According to a study in the Journal of General Internal Medicine, nearly one in 20 adults over age 60 have been financially exploited at some point in their senior years. However, by arming yourself with information and being aware of common scams, you can take steps to avoid becoming an unfortunate statistic.
Here are the details on 5 common scams, along with tips on how you can keep from becoming a victim of them:
IRS imposter scams
By phone or email, the con artists claim that the victims owe back taxes and penalties, and unless payment is made immediately, arrest, foreclosure, or other legal consequences could result. Victims are often instructed to pay by wire transfer, credit card, certified check, or even gift card.
How to protect yourself: Remember that the IRS always sends bills to taxpayers through the postal service before calling about taxes that are owed and will never insist on information over the phone. If you get one of these calls or emails, the best thing to do is just hang up or delete the message (without clicking on any links provided in such emails). To confirm whether you really do owe taxes, contact the IRS at 1-800-829-1040.
Medicare phone scams
One of the latest money scams involves fraudsters calling seniors to tell them they must pay a fee in order to receive new ID cards. In reality, all Medicare enrollees will receive their cards free of charge through the mail and do not have to do anything beyond opening the envelope and sharing the new number with their healthcare providers.
Once the con artists have your data, they can use it to obtain health services, purchase medical equipment, fill prescriptions, or file false claims and pocket the money
How to protect yourself: Safeguard your personal information carefully. Most Medicare scammers perpetrate their hoaxes by phone, but some use email or even show up at your door. If you have any concerns, call the customer service number found on the back of your Medicare card.
Silent calls and robocall scams
Have you ever answered your phone, only to find there's no one on the other end? It might simply be a wrong number, but it might also be an automated system testing out phone numbers to see which ones are answered by real humans. These silent calls are designed to identify potential scam targets. Once you answer, your number is added to a list that gets sold to an untold number of fraudsters. And that leads to robocalls.
How to protect yourself: Get on the U.S. National Do Not Call Registry, screen your calls, and don't pick up if the number doesn't look familiar. If you get fooled and do answer, just hang up. Be sure not to react to anything in the message (such as a statement like "press 3 to be taken off the list") as that will probably just lead to more calls.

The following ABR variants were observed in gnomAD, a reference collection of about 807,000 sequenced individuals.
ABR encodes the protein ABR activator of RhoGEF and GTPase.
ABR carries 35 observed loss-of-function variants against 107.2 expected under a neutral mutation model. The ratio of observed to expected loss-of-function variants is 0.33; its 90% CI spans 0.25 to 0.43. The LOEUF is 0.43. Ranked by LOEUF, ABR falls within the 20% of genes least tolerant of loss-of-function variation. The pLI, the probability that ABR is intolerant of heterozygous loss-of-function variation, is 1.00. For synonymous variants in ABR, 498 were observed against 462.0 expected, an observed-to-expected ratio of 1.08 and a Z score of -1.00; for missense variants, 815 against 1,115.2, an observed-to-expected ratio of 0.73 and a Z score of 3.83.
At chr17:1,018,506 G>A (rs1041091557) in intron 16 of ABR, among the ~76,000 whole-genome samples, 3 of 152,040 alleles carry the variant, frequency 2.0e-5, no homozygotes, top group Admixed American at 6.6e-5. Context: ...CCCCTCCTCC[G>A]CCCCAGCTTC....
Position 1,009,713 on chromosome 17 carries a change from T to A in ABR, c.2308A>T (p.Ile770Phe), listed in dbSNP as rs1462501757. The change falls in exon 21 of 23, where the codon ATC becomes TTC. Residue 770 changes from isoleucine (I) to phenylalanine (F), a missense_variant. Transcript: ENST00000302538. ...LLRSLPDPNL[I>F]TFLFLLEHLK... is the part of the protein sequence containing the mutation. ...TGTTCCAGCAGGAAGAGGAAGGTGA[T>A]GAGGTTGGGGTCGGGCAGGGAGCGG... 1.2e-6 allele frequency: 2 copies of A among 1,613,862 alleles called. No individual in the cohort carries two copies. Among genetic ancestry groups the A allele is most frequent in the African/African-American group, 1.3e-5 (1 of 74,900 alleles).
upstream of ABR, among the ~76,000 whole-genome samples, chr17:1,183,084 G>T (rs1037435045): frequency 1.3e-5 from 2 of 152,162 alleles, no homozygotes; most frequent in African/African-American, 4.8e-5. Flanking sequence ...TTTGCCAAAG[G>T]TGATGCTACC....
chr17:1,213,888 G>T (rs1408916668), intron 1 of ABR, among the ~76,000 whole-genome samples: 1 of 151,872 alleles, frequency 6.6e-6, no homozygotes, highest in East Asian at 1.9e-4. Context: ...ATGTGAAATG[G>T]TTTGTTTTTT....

Fraudsters have been known to phone random older adults and say something like, "Hey Grandpa, guess who this is?" The unwitting senior names an actual grandchild that the voice sounds most like. Having established a bogus identity, the scammer then begs Grandpa to wire some cash right away because he or she has been arrested, been in an accident, or is overdue on rent. The fraudster may add something like, "And please don't tell Mom or Dad, OK?"
If the victim complies, the con artist will frequently call again, claiming the fees are higher than initially thought. By the second call, most people realize they've been scammed.
How to protect yourself: Proceed with caution and attempt to verify the facts before wiring money to grandchildren in trouble. Try asking the person on the phone some basic questions that only your real grandchild would be able to answer, such as the name of a family pet. Or reach out to a close friend or other relative of your grandchild to see what they know about the situation.
Tech support scams
There are numerous variations of this scam, but this is how it typically works: Posing as a representative of a technology company such as Dell or Microsoft, a caller informs you that his or her organization has detected viruses on your computer. The scammer then convinces you to hand over your banking information as well as remote access to your machine so that the problem can be "fixed" and the service can be billed to you.
In some cases, you might be told to click on a link in an email and follow the directions given there. But when you go to the site, malware gets installed on your device and gives the scammer access to your personal files with information on your bank accounts, passwords, and health records. Some fraudsters lock victims' systems down and demand a ransom fee to restore access.
How to protect yourself: Do not give your financial information or control of your computer to anyone who calls out of the blue claiming to be from tech support. Make sure anti-virus software and pop-up blockers are installed on your device and stay on top of updates. Never, ever click on links in pop-up ads or unsolicited emails. If you have questions, call the real tech support by finding the number on the company's website or product packaging (not on your caller ID or in an email).
Source: Great Senior Living https://www.greatseniorliving.com/articles/elder-fraud
Photo Credits: https://compassionstl.com/financial-impacts-of-elder-fraud/